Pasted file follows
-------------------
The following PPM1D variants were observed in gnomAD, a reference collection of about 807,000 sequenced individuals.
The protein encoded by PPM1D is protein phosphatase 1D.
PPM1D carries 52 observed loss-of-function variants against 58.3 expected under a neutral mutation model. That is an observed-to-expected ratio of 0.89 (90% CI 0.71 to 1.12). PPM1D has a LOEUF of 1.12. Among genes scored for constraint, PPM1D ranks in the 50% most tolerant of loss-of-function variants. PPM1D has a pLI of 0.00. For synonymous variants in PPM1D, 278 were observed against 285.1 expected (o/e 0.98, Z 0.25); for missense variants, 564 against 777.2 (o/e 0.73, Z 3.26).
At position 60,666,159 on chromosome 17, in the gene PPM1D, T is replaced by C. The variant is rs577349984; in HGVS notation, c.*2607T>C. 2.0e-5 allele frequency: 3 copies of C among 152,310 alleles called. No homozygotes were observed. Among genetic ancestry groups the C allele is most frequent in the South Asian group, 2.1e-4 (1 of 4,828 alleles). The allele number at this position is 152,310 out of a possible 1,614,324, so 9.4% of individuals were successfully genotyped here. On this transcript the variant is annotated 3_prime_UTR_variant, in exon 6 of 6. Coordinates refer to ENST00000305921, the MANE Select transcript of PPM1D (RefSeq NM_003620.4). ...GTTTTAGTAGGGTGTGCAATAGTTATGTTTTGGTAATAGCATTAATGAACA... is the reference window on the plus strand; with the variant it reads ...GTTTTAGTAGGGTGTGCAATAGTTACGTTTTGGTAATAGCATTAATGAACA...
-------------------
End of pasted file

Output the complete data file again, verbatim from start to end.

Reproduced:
The following PPM1D variants were observed in gnomAD, a reference collection of about 807,000 sequenced individuals.
The protein encoded by PPM1D is protein phosphatase 1D.
PPM1D carries 52 observed loss-of-function variants against 58.3 expected under a neutral mutation model. That is an observed-to-expected ratio of 0.89 (90% CI 0.71 to 1.12). PPM1D has a LOEUF of 1.12. Among genes scored for constraint, PPM1D ranks in the 50% most tolerant of loss-of-function variants. PPM1D has a pLI of 0.00. For synonymous variants in PPM1D, 278 were observed against 285.1 expected (o/e 0.98, Z 0.25); for missense variants, 564 against 777.2 (o/e 0.73, Z 3.26).
At position 60,666,159 on chromosome 17, in the gene PPM1D, T is replaced by C. The variant is rs577349984; in HGVS notation, c.*2607T>C. 2.0e-5 allele frequency: 3 copies of C among 152,310 alleles called. No homozygotes were observed. Among genetic ancestry groups the C allele is most frequent in the South Asian group, 2.1e-4 (1 of 4,828 alleles). The allele number at this position is 152,310 out of a possible 1,614,324, so 9.4% of individuals were successfully genotyped here. On this transcript the variant is annotated 3_prime_UTR_variant, in exon 6 of 6. Coordinates refer to ENST00000305921, the MANE Select transcript of PPM1D (RefSeq NM_003620.4). ...GTTTTAGTAGGGTGTGCAATAGTTATGTTTTGGTAATAGCATTAATGAACA... is the reference window on the plus strand; with the variant it reads ...GTTTTAGTAGGGTGTGCAATAGTTACGTTTTGGTAATAGCATTAATGAACA...